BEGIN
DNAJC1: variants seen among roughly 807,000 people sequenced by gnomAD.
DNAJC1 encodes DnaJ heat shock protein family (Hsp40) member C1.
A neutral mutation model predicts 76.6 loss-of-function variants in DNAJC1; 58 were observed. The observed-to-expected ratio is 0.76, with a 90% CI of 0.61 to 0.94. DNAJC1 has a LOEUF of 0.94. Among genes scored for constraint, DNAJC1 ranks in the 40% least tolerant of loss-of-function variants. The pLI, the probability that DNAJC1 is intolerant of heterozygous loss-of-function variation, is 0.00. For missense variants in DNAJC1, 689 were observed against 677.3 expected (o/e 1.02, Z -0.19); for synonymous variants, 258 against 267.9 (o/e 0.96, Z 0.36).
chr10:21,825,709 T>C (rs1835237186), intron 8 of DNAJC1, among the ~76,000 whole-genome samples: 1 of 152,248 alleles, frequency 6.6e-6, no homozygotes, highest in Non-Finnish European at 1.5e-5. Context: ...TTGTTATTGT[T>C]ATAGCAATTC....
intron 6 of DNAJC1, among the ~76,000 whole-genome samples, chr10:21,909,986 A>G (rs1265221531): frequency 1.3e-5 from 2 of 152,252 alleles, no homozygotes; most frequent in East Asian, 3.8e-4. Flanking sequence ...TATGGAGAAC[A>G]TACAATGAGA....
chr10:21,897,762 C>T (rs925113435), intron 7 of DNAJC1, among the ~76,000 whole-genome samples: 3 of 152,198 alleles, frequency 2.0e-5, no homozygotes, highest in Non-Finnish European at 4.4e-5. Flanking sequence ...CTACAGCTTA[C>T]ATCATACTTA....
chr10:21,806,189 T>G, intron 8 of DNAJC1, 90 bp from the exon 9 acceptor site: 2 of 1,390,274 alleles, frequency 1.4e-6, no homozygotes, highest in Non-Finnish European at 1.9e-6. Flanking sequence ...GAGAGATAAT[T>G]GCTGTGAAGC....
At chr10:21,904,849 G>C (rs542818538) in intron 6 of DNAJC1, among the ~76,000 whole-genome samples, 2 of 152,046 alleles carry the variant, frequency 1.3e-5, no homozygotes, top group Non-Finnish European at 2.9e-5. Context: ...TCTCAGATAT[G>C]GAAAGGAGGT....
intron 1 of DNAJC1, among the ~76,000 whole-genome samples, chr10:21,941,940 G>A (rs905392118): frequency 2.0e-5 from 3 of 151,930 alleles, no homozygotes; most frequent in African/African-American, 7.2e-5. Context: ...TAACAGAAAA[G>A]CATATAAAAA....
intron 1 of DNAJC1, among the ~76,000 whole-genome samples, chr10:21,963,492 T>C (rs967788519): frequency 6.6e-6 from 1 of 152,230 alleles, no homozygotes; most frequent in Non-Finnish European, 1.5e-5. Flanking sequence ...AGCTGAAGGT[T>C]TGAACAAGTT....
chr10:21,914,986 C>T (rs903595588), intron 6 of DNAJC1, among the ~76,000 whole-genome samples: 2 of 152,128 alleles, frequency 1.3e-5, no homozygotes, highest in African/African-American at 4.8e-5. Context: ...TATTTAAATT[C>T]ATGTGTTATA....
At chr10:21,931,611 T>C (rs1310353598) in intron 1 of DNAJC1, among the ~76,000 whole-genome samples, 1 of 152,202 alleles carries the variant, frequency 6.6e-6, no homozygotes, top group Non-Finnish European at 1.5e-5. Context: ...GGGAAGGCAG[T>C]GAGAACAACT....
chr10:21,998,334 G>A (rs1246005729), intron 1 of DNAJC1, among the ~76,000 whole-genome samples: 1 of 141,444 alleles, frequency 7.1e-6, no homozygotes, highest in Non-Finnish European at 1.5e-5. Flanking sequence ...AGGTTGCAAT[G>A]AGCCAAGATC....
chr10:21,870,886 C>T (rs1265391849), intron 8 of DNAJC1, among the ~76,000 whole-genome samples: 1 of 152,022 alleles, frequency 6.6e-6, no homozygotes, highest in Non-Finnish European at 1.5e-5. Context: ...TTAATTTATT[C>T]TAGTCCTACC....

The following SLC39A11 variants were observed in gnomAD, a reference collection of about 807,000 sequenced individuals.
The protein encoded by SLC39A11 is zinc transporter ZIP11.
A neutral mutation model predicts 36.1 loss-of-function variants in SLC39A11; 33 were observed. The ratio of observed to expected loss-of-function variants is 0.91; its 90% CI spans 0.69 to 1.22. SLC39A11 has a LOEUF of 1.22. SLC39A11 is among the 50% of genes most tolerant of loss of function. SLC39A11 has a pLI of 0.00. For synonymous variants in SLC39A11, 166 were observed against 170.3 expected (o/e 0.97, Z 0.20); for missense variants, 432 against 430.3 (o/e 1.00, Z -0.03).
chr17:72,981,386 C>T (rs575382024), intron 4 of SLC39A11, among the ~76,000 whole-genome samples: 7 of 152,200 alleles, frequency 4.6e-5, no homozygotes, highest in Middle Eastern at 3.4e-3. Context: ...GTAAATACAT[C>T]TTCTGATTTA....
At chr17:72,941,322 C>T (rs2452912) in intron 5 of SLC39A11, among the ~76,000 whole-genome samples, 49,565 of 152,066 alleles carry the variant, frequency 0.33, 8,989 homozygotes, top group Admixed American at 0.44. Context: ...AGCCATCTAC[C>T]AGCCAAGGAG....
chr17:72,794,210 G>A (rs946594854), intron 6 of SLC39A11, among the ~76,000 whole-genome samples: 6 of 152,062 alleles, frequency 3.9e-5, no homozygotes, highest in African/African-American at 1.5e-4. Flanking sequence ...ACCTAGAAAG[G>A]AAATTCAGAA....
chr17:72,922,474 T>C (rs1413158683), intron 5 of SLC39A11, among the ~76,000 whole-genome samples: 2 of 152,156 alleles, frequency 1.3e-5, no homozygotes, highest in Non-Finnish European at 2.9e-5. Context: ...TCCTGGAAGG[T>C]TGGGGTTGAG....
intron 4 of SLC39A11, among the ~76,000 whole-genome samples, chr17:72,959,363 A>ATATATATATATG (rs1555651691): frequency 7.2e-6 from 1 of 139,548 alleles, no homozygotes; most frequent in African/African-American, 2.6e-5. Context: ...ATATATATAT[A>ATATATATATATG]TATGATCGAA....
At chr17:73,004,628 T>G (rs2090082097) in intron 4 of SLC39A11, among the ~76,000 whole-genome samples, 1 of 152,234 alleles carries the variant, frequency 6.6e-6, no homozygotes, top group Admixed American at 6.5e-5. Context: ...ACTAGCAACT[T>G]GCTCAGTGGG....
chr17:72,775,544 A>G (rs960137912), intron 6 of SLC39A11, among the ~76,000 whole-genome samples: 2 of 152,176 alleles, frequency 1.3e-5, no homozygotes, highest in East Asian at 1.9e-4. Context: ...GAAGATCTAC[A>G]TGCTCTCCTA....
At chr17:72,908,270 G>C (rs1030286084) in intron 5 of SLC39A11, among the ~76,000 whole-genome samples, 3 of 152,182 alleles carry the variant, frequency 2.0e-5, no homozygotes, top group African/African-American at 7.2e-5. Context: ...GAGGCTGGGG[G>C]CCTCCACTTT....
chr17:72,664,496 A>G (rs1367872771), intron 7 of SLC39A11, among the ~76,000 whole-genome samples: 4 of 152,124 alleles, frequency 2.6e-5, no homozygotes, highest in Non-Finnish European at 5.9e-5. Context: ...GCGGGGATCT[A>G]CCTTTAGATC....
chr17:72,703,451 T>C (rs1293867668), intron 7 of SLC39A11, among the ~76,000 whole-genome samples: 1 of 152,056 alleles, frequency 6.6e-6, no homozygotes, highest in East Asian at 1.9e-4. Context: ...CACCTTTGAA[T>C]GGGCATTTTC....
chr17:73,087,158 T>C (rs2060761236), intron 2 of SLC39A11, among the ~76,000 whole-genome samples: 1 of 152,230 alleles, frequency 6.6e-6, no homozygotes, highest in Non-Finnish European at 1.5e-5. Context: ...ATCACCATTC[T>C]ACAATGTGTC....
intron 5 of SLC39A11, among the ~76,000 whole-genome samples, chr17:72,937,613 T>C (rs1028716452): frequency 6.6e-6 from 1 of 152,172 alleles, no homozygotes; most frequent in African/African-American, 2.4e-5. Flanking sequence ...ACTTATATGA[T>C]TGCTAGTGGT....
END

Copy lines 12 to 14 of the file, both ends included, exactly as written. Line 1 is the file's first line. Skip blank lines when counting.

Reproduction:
At chr10:21,931,611 T>C (rs1310353598) in intron 1 of DNAJC1, among the ~76,000 whole-genome samples, 1 of 152,202 alleles carries the variant, frequency 6.6e-6, no homozygotes, top group Non-Finnish European at 1.5e-5. Context: ...GGGAAGGCAG[T>C]GAGAACAACT....
chr10:21,998,334 G>A (rs1246005729), intron 1 of DNAJC1, among the ~76,000 whole-genome samples: 1 of 141,444 alleles, frequency 7.1e-6, no homozygotes, highest in Non-Finnish European at 1.5e-5. Flanking sequence ...AGGTTGCAAT[G>A]AGCCAAGATC....
chr10:21,870,886 C>T (rs1265391849), intron 8 of DNAJC1, among the ~76,000 whole-genome samples: 1 of 152,022 alleles, frequency 6.6e-6, no homozygotes, highest in Non-Finnish European at 1.5e-5. Context: ...TTAATTTATT[C>T]TAGTCCTACC....